The key to growing any business often lies in how the company’s products and services are marketed. A sound marketing plan is the growth engine behind a business and will shape how the world perceives that business and the uniqueness of its offerings.
Similarly, establishing the right price point for goods and services dovetails with savvy marketing and is often necessary to the very survival of a business. The “Goldilocks” theory of pricing dictates that finding (and periodically resetting) just the right price point is a must for any thriving business. Setting too low a price erodes profits, while setting prices at too lofty a level could scare away clients.
The latest AdvisorBenchmarking survey of registered investment advisors, which included 912 RIA respondents and was conducted online in May 2007, yielded some surprising results about advisors’ marketing efforts. For the first time, we asked how advisors price their services and what changes, if any, are planned.
How RIAs Spend Their Time
Establishing a professional identity can be part of an advisor’s overall marketing strategy. The survey found that 40% of respondents refer to themselves as “investment advisors” while 30% have assumed the title of “wealth manager.” Those that dubbed themselves wealth managers indicated that, on average, high-net-worth investors comprised 60% of their client base. Wealthy investors are decidedly most advisors’ primary focus, with minimum account sizes in our sampling of RIAs now averaging $421,000, up from $225,000 in 2002.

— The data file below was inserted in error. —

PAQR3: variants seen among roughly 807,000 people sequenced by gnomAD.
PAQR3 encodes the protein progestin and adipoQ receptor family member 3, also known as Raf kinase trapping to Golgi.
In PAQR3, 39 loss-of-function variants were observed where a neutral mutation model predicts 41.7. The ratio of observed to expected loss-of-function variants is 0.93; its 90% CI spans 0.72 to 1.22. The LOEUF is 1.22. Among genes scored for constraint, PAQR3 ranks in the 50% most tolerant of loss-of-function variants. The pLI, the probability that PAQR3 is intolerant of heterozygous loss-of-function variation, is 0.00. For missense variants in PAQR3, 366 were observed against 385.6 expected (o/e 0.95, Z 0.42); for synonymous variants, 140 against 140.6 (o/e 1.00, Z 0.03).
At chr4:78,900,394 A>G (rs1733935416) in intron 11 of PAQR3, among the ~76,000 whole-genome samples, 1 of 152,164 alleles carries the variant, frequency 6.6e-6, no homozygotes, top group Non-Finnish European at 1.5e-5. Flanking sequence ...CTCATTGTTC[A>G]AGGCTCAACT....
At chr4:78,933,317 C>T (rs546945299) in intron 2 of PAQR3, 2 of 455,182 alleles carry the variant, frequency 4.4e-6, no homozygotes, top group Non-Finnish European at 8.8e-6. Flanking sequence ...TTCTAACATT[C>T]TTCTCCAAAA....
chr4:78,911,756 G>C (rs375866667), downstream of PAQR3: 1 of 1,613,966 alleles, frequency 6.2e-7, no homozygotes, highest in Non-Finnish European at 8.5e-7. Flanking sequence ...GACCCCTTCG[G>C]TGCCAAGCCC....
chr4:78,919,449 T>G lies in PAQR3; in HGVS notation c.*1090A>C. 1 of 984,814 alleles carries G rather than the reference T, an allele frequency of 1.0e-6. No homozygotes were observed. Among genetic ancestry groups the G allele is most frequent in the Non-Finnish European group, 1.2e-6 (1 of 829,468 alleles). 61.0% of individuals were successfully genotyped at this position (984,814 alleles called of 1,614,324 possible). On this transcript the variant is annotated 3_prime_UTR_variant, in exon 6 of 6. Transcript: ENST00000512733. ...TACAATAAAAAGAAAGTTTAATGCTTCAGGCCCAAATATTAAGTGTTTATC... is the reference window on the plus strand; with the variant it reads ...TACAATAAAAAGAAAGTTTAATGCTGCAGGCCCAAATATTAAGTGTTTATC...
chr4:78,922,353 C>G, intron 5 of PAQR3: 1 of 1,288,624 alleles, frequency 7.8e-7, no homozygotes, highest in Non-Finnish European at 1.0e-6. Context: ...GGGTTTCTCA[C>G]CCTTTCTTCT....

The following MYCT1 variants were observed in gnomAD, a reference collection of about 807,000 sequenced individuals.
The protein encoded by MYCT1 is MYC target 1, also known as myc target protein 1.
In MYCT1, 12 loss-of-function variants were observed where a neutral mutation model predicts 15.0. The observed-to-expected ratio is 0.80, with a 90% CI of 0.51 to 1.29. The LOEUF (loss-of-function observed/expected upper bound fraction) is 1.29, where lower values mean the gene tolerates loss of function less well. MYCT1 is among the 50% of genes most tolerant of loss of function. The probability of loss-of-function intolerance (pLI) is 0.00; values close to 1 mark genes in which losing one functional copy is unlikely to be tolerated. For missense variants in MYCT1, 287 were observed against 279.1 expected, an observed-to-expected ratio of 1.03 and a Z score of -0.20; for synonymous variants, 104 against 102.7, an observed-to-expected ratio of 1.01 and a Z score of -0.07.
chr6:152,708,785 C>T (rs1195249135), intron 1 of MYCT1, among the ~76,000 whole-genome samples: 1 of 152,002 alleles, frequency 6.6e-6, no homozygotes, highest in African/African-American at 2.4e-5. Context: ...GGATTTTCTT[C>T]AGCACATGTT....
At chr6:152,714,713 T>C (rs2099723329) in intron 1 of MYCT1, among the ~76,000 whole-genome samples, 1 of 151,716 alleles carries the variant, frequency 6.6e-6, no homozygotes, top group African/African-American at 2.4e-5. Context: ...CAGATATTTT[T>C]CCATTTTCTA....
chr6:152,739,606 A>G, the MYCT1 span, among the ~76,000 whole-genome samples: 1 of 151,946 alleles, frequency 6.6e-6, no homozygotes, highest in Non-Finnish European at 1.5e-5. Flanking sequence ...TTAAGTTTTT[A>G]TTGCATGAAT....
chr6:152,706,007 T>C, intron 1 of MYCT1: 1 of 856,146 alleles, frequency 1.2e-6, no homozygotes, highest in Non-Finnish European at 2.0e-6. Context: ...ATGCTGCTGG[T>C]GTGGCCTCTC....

Although not an officially accepted title, more than one-third of advisors (34%) also noted that they are positioning themselves as retirement “coaches,” which they see as a practical way to prepare for the much-anticipated Baby Boomer retirement rush.
While advisors recognize marketing as a key component of their businesses, actual time spent marketing dropped by one-third from the previous year, while hours spent on tasks related to business administration increased by 47%, and time engaged in research grew 150%. Advisors reported that an equal 10% of their days are now spent on the tasks of marketing, business strategy, and research (30% total), while business administration and client services combined eat up 37% of their time. Time spent on portfolio management also declined, dropping from 27% last year to 20% in the latest survey (see chart below).This drop in hours dedicated to marketing is evident even though much higher percentages of advisors this year admitted that competition from CPA firms as well as online financial services firms pose a threat to their business.
What Is Marketing, Anyway?